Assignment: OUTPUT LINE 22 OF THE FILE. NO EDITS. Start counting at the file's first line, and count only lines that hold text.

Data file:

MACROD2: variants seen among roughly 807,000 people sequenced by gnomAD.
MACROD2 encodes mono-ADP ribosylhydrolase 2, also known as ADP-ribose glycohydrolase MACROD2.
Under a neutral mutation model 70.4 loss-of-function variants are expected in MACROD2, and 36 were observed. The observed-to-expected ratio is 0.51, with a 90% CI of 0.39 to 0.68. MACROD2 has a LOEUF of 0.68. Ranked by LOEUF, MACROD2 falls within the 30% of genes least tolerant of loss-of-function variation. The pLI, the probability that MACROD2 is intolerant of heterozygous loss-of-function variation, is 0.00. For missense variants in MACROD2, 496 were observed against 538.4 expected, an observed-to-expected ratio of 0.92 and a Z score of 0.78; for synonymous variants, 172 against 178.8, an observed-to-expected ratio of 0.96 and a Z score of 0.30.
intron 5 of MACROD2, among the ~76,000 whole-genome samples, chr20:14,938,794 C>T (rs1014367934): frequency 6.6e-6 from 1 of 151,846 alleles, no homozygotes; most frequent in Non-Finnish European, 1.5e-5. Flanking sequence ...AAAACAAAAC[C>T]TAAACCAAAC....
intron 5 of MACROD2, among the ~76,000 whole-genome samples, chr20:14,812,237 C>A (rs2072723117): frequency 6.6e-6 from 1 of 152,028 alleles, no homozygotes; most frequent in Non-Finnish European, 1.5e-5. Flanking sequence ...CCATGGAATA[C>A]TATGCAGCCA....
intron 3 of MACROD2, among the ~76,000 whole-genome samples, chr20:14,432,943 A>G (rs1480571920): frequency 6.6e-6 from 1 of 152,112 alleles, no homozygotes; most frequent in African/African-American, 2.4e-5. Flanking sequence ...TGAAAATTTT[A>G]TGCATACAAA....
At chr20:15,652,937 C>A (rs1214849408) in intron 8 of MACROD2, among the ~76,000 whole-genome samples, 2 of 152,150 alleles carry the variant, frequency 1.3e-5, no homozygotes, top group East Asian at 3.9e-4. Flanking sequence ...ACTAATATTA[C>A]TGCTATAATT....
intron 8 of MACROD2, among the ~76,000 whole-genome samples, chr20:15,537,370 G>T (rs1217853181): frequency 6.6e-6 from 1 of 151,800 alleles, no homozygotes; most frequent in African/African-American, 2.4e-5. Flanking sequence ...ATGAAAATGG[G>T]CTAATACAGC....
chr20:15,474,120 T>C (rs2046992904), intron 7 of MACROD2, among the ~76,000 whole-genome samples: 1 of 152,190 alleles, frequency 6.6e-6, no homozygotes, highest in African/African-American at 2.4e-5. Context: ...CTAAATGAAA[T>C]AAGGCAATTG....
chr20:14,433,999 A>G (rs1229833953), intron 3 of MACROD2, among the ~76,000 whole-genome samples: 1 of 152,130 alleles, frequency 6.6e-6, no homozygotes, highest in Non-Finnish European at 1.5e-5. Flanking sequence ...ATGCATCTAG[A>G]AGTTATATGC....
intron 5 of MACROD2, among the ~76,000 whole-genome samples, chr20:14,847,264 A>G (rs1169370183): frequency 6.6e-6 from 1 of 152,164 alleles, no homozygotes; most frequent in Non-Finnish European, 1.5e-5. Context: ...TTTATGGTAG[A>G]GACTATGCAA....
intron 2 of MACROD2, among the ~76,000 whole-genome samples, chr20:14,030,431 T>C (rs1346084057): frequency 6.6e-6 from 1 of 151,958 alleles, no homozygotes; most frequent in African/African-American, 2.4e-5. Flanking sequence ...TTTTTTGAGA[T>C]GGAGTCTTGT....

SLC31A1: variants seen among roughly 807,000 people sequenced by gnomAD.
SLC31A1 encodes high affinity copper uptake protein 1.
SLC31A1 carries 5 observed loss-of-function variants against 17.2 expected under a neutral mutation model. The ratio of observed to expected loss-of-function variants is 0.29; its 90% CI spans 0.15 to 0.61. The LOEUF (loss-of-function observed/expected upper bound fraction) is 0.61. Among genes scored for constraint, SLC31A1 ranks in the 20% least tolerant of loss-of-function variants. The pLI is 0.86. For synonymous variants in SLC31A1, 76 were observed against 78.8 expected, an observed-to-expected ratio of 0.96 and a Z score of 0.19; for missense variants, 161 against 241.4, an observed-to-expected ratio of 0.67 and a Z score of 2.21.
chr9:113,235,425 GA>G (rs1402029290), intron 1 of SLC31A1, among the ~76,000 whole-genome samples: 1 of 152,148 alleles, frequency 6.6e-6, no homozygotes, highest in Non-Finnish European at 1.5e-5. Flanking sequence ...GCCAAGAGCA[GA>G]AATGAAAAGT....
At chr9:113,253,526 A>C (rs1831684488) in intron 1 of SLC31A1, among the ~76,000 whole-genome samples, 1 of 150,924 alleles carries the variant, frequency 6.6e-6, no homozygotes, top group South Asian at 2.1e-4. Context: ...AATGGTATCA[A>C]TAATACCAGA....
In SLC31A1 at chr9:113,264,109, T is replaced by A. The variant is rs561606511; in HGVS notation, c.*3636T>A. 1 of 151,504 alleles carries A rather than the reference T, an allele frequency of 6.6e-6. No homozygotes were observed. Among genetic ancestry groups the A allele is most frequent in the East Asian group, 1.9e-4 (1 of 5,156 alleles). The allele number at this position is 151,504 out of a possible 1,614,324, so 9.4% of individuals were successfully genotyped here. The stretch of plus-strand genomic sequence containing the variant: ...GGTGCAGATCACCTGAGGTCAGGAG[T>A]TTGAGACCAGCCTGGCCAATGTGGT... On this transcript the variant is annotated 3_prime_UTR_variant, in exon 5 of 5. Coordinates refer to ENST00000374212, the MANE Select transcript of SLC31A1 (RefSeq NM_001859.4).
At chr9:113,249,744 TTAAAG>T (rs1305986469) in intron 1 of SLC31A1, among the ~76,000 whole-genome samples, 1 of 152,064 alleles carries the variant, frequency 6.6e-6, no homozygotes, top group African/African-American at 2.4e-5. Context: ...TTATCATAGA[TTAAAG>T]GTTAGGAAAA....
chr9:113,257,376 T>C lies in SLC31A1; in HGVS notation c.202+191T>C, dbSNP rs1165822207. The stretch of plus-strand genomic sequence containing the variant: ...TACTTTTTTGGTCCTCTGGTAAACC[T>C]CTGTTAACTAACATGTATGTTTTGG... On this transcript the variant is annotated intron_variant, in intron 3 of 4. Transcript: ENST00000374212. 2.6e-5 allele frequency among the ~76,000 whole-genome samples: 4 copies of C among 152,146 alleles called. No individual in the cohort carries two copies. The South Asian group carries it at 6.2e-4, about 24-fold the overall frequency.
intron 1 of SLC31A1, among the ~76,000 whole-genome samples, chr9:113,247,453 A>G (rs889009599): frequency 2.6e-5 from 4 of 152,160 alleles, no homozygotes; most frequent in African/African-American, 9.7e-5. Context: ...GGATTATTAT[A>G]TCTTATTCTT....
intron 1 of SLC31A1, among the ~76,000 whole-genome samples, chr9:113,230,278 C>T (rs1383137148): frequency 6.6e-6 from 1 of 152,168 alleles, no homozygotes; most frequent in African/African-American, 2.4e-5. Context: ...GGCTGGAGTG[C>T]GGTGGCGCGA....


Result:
intron 1 of SLC31A1, among the ~76,000 whole-genome samples, chr9:113,230,278 C>T (rs1383137148): frequency 6.6e-6 from 1 of 152,168 alleles, no homozygotes; most frequent in African/African-American, 2.4e-5. Context: ...GGCTGGAGTG[C>T]GGTGGCGCGA....